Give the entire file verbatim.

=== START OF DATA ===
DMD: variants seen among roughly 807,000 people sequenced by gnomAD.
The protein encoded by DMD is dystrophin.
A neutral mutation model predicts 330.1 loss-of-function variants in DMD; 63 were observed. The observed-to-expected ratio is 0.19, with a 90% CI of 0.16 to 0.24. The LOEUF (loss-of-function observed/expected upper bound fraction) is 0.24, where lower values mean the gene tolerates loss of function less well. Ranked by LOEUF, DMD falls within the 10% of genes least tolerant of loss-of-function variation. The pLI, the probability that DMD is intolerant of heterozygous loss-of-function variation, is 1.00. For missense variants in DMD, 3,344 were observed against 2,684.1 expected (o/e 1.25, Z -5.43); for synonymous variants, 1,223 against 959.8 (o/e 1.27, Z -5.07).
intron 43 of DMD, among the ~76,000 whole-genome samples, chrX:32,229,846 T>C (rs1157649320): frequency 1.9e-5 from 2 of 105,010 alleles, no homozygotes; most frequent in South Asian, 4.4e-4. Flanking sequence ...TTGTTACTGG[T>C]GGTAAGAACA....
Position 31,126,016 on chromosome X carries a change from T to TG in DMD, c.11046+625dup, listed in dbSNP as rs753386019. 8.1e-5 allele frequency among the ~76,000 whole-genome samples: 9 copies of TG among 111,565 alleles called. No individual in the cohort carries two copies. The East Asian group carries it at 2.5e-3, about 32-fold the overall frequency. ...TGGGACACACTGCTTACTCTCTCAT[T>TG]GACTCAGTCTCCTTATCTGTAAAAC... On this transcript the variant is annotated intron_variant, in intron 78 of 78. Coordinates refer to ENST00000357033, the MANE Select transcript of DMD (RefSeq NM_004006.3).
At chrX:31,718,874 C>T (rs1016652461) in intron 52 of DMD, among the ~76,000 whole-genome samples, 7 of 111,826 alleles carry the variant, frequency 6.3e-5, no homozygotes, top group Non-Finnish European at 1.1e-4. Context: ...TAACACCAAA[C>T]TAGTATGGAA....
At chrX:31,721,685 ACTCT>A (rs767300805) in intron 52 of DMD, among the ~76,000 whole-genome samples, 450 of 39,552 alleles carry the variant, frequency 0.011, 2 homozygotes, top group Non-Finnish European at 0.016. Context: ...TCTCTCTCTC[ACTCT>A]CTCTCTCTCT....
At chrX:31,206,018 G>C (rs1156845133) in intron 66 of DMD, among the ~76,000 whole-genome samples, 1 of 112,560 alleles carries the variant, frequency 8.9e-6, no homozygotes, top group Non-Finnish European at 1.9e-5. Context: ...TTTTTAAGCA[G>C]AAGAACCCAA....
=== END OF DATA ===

DMD: variants seen among roughly 807,000 people sequenced by gnomAD.
The protein encoded by DMD is dystrophin.
A neutral mutation model predicts 330.1 loss-of-function variants in DMD; 63 were observed. The observed-to-expected ratio is 0.19, with a 90% CI of 0.16 to 0.24. The LOEUF (loss-of-function observed/expected upper bound fraction) is 0.24, where lower values mean the gene tolerates loss of function less well. Ranked by LOEUF, DMD falls within the 10% of genes least tolerant of loss-of-function variation. The pLI, the probability that DMD is intolerant of heterozygous loss-of-function variation, is 1.00. For missense variants in DMD, 3,344 were observed against 2,684.1 expected (o/e 1.25, Z -5.43); for synonymous variants, 1,223 against 959.8 (o/e 1.27, Z -5.07).
intron 43 of DMD, among the ~76,000 whole-genome samples, chrX:32,229,846 T>C (rs1157649320): frequency 1.9e-5 from 2 of 105,010 alleles, no homozygotes; most frequent in South Asian, 4.4e-4. Flanking sequence ...TTGTTACTGG[T>C]GGTAAGAACA....
Position 31,126,016 on chromosome X carries a change from T to TG in DMD, c.11046+625dup, listed in dbSNP as rs753386019. 8.1e-5 allele frequency among the ~76,000 whole-genome samples: 9 copies of TG among 111,565 alleles called. No individual in the cohort carries two copies. The East Asian group carries it at 2.5e-3, about 32-fold the overall frequency. ...TGGGACACACTGCTTACTCTCTCAT[T>TG]GACTCAGTCTCCTTATCTGTAAAAC... On this transcript the variant is annotated intron_variant, in intron 78 of 78. Coordinates refer to ENST00000357033, the MANE Select transcript of DMD (RefSeq NM_004006.3).
At chrX:31,718,874 C>T (rs1016652461) in intron 52 of DMD, among the ~76,000 whole-genome samples, 7 of 111,826 alleles carry the variant, frequency 6.3e-5, no homozygotes, top group Non-Finnish European at 1.1e-4. Context: ...TAACACCAAA[C>T]TAGTATGGAA....
At chrX:31,721,685 ACTCT>A (rs767300805) in intron 52 of DMD, among the ~76,000 whole-genome samples, 450 of 39,552 alleles carry the variant, frequency 0.011, 2 homozygotes, top group Non-Finnish European at 0.016. Context: ...TCTCTCTCTC[ACTCT>A]CTCTCTCTCT....
At chrX:31,206,018 G>C (rs1156845133) in intron 66 of DMD, among the ~76,000 whole-genome samples, 1 of 112,560 alleles carries the variant, frequency 8.9e-6, no homozygotes, top group Non-Finnish European at 1.9e-5. Context: ...TTTTTAAGCA[G>C]AAGAACCCAA....